I remember his things. The TV with a dial you turn by hand. It had 4 channels. The typewriter. The Macintosh computer with it’s tiny screen. I remember plastic flowers in vases and porcelain figurines. The Mother Goose Rhymes book. The antiquated jack in the box that I expect gave me horrible nightmares. But the pictures! I loved the pictures and the paintings on the wall, and the way they hung all over. I remember the table with the glass top that showed a drawer full of seashells that my mother and her sister had collected when they lived on Kwajalein Island, part of the Marshall Islands. Mom told me PawPaw would take a boat to the neighboring islands where the natives were to teach Sunday school. Kwajalein is the ends of the earth to me, and I want to go there so badly. There was one shell in the drawer that had googly eyes glued onto it. I always opened the drawer to see that one. I can’t quite remember what it looked like. It had a bit of coral glued on it… I can’t remember. Mom has the table now. I don’t know where the shells are.
[Kwajalein, Marshall Islands]
I remember PawPaw’s room. The closet with the sliding mirror doors. His bed with a canopy from the ceiling. It must have been Bunny’s doing. Bunny was my grandma. Her name was really Bernie, but we called her Bunny. She died when I was about 5. She had Leukemia. I wish I knew everything about her. I remember her in pearl earrings and lipstick, but I could be making that up. I wish I could get in my red silky little girl nightgown and fall asleep around her neck like I was doing in the only picture I seem to have of us. I think she would have been my very favorite person in the whole world.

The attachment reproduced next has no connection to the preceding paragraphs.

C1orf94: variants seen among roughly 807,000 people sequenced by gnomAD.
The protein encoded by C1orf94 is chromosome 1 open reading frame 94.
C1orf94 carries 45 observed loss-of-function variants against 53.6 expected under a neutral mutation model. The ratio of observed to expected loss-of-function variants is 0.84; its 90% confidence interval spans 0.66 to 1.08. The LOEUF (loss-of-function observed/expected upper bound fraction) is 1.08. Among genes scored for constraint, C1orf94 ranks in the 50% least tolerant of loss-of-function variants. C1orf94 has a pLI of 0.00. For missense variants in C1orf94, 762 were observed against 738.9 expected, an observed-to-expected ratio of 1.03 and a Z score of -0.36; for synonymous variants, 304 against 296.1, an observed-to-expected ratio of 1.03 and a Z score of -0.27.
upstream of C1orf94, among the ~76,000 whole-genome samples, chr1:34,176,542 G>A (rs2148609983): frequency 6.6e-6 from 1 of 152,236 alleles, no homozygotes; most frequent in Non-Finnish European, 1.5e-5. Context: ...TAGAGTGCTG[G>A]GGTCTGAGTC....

I remember the back yard. The deck. The gazebo. The roses. The garage. Once, PawPaw accidentally rolled up my neck in the station wagon window as we were pulling out. I tried to scream but couldn’t. Cherilyn told him to roll it down. I laughed about it the next day. It’s still funny. I remember his truck—the seat covers made of wooden beads. It smelled like the feed we gave Holly and the donkeys. I remember the red metal gate we opened and closed by hand. There was a chain wrapped around it with a padlock. I remember feeding the cows sugar cane. He bought a young cow with a ring in its nose. It got spooked once and jumped over Cherilyn. He sold that cow. I remember finding earthworms under fallen leaves to fish with in the pond. I remember the fishing hook shooting through my pinky one day and going to the emergency clinic on Broadway. They kept the hook somewhere in a jewelry box after they fished it out. I remember realizing the farm wasn’t a farm, just a piece of land with animals and a pond, a wooden shed, peach trees and a hay bale with boots sticking out.